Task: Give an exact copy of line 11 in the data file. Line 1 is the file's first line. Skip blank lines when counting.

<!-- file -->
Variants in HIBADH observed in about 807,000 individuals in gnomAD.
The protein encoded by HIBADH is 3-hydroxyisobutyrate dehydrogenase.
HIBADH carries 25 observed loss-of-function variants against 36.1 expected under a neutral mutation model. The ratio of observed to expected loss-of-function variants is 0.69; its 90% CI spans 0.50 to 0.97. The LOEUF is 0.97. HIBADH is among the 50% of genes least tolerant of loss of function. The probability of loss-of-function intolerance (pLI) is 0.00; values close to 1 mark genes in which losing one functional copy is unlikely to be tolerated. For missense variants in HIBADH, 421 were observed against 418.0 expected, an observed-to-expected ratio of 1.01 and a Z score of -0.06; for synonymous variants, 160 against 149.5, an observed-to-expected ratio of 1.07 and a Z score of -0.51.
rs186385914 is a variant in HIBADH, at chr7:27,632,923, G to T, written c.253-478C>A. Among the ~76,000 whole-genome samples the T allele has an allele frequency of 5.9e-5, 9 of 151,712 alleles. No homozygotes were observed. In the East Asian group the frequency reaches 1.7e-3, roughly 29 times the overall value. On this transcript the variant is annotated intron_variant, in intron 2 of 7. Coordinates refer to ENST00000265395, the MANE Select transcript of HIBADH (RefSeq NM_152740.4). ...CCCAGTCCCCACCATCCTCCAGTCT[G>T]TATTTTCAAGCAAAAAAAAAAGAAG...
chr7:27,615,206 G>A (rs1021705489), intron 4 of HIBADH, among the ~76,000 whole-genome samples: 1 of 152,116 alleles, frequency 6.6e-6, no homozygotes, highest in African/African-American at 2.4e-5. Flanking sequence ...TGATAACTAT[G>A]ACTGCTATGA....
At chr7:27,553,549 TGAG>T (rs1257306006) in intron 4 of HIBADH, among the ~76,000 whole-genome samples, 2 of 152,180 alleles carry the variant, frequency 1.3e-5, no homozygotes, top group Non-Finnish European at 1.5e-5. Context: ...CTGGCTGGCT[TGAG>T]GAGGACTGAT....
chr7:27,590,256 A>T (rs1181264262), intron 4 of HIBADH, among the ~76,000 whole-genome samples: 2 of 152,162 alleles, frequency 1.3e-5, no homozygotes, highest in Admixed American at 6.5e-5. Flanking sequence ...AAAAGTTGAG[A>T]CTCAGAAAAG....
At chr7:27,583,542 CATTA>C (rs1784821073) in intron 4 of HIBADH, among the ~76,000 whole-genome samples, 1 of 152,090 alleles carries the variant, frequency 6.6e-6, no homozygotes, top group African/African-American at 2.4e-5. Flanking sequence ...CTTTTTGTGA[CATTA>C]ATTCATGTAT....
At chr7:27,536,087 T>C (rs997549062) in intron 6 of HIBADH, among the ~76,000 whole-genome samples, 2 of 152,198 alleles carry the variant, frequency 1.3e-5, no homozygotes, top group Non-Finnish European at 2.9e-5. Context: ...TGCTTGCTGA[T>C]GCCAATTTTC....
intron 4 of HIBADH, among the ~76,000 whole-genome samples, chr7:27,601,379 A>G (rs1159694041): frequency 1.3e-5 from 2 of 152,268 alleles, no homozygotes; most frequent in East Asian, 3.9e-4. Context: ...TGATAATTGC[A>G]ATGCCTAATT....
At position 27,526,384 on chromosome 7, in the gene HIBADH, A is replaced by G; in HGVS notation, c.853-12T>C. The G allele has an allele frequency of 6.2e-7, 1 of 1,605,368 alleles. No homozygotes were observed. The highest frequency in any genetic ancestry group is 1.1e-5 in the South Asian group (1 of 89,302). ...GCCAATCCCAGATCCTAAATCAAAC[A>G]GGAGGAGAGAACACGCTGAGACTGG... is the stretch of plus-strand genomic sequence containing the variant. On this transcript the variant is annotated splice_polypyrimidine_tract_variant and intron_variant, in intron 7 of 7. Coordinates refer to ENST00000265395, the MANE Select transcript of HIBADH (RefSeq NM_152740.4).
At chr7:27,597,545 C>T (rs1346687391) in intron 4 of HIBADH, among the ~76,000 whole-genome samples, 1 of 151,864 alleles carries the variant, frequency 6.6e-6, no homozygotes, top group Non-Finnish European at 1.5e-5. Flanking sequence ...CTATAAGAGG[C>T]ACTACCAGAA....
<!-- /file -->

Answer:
At position 27,526,384 on chromosome 7, in the gene HIBADH, A is replaced by G; in HGVS notation, c.853-12T>C. The G allele has an allele frequency of 6.2e-7, 1 of 1,605,368 alleles. No homozygotes were observed. The highest frequency in any genetic ancestry group is 1.1e-5 in the South Asian group (1 of 89,302). ...GCCAATCCCAGATCCTAAATCAAAC[A>G]GGAGGAGAGAACACGCTGAGACTGG... is the stretch of plus-strand genomic sequence containing the variant. On this transcript the variant is annotated splice_polypyrimidine_tract_variant and intron_variant, in intron 7 of 7. Coordinates refer to ENST00000265395, the MANE Select transcript of HIBADH (RefSeq NM_152740.4).